The UN Refugee Agency’s annual Global Trends study published today highlights that forced displacement is at a record high, with 68.5 million people driven from their homes by the end of 2017. Yet, there is optimism that digital solutions and the ubiquity and pace of growth of mobile technology can benefit the lives of refugees in a multitude of ways.
According to UNHCR, roughly 93 per cent of refugees live in areas that are covered by at least a 2G network and 62 per cent are living in areas covered by 3G networks. Today on World Refugee Day, here are just five of the many ways that mobile is a lifeline for refugees and displaced people around the globe.
Our research in Nyarugusu refugee camp in Tanzania showed that 96 per cent of phone users make calls to friends and family members living in the camp and 81 per cent call friends and family outside of the camp. Refugees are using social media to find missing loved ones; connect with friends and family; relay news and information; and as a safety net during emergencies. High demand for communication is the result of the unique and challenging circumstances that refugees find themselves in, with many Congolese refugees having lived in the camp for more than 20 years and mobile connectivity being one of the few ways they can communicate with loved ones.
GSMA data shows that 37 markets have ten times as many registered mobile money agents as they have bank branches. With 85 per cent of refugees living in developing countries, where mobile money networks are more likely to exceed the strength and prevalence of banking infrastructure, mobile money can be the most efficient delivery mechanism for cash aid. Although operational challenges remain, if deployed effectively, cash transfers via mobile money can deliver benefits to the humanitarian sector, including traceability, efficiency, timeliness and cost-effective delivery of aid as demonstrated in GSMA research in northern Uganda. Furthermore, where refugees and displaced people have access to a mobile money account, humanitarian cash transfers can stimulate local economic growth and help build empowerment and resilience by giving users access to a broad suite of digital financial services, including savings and lending, utility bill payments, government service payments, and remittances.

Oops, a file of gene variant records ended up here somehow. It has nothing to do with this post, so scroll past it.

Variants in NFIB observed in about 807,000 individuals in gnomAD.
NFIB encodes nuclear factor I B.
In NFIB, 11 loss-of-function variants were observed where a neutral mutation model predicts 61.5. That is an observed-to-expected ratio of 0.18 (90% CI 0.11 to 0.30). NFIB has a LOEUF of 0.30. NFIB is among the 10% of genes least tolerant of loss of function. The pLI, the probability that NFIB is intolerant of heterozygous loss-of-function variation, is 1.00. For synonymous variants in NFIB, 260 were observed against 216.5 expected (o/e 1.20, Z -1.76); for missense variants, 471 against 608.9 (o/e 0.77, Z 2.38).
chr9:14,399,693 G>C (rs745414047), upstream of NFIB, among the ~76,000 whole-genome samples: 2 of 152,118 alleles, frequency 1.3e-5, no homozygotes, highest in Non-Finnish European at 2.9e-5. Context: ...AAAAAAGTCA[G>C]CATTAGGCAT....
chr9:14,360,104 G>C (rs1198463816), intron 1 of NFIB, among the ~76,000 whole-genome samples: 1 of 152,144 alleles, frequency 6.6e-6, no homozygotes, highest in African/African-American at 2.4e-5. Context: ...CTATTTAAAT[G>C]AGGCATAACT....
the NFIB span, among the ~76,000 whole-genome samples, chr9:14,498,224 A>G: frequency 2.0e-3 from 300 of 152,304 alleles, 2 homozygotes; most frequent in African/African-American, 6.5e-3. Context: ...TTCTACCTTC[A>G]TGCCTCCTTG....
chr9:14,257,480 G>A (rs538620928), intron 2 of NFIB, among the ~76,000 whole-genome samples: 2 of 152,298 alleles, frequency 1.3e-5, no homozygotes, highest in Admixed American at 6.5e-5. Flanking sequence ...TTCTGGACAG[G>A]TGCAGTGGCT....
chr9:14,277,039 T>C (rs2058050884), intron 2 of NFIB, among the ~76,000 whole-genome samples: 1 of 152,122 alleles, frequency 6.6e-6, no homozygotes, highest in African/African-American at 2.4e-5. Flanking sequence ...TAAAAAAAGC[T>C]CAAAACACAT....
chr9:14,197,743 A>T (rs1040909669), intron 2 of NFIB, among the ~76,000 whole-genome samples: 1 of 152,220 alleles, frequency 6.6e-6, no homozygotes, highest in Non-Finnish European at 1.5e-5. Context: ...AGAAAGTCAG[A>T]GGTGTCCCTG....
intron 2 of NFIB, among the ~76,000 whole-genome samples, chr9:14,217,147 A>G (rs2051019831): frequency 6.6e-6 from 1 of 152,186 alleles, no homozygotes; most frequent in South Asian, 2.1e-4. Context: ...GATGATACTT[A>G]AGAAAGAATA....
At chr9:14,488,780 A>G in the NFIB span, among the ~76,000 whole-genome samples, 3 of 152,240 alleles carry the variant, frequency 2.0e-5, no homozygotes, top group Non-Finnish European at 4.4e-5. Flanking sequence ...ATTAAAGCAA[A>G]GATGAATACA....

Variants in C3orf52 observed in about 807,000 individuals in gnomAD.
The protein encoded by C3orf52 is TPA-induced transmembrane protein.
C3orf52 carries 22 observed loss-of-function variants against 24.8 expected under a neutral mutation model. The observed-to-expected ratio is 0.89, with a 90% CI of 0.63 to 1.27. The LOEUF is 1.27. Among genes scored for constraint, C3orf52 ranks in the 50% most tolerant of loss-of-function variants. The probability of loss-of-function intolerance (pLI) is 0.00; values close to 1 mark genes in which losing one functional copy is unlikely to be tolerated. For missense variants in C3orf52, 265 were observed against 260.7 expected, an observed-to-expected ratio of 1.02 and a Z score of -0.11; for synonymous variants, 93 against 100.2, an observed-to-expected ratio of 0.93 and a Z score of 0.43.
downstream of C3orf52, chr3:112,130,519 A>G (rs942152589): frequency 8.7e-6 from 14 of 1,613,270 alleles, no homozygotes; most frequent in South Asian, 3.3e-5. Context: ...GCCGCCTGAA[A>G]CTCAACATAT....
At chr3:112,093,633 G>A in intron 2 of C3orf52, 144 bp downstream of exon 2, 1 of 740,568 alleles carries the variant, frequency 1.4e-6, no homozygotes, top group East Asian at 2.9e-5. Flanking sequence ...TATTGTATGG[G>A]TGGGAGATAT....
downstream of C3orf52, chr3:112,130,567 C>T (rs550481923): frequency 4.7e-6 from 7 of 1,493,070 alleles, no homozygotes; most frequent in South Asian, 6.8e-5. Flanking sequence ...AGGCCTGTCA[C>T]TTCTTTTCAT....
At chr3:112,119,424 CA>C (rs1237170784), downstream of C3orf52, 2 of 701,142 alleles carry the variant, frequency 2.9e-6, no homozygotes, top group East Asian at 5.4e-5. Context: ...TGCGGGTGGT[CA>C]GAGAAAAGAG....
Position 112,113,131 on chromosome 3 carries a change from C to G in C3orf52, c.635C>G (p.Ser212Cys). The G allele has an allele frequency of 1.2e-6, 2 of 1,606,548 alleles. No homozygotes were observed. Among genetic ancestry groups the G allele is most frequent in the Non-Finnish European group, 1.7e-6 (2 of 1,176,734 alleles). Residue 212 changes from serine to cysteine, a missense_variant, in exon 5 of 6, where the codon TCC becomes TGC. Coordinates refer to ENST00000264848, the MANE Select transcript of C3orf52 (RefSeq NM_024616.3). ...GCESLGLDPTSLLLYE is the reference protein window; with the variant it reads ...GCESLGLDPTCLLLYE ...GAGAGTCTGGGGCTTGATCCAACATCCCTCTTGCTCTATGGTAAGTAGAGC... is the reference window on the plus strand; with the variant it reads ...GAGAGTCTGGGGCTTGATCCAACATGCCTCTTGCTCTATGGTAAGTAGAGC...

In 2016, the Vodafone Foundation launched its ‘connected classrooms’ project in six schools in Nyarugusu, providing a Wi-Fi connection, projector and tablet devices for teachers and children. In addition, 28 per cent of surveyed adult internet users in Nyarugusu are using their phones to access informal education opportunities, including language learning and further education. Reduced smartphone costs, enhanced internet connectivity and digital literacy training, and the development of accessible, user-friendly applications has the potential to offer far-reaching benefits to refugee populations in terms of education, information and opportunities. MNOs and humanitarian agencies can work together to use digital technology to meet the growing demand for digital education services.
Energy, water, sanitation and hygiene services are critical needs for forcibly displaced people. According to Chatham House Moving Energy Initiatives, in camps, only 11 per cent of refugees have access to reliable energy sources for lighting. Recent GSMA research in Tanzania highlighted that one of the key barriers for refugees accessing mobile services and mobile internet is access to charging facilities. Yet, there are currently 855 million people who are living off grid but who are covered by mobile and according to UNHCR 71 per cent of refugee households have access to at least one mobile phone. There are exciting mobile-enabled solutions and innovations in the utility sector that could have significant impact in a refugee environment. For example, energy service providers Pawame and BBOXX are deploying pay-as-you-go solar home systems in Kakuma refugee camp and the appetite for testing such business models in humanitarian contexts is gaining momentum.
The importance of news and entertainment for refugees should not be underestimated. Connectivity can facilitate community activities within the camp and enable refugees to feel better connected to their home countries and to the world outside the camp. For example, in Nyarugusu refugee camp our research found that 65 per cent of internet users go online to search for news and information and 35 per cent to access entertainment. These applications can alleviate the distinct stresses and vulnerabilities experienced by confined camp populations.
Even the most basic mobile services can be a lifeline for refugees, yet the reality is that too often refugees are excluded from access to digital services. This can be down to policy and regulatory barriers, where refugees aren’t able to own a SIM card or open a mobile money account in their own name because of a lack of sufficient identity documentation, affordability constraints due to an inability to legally work, digital literacy barriers, or even a lack of understanding or knowledge of the benefits that can be brought about from access to connectivity and the internet.
Through building bridges between the mobile industry and humanitarian sector, catalysing innovative solutions, developing insights and tools, and investing in new partnerships and services, the GSMA Mobile for Humanitarian Innovation programme aims to bring multiple pieces of the puzzle together to help shape an inclusive, impactful digital humanitarian future for refugees and other affected populations. Just as refugees need water, food, health care and shelter, they need access to information – it is imperative that this need is prioritised and considered equally.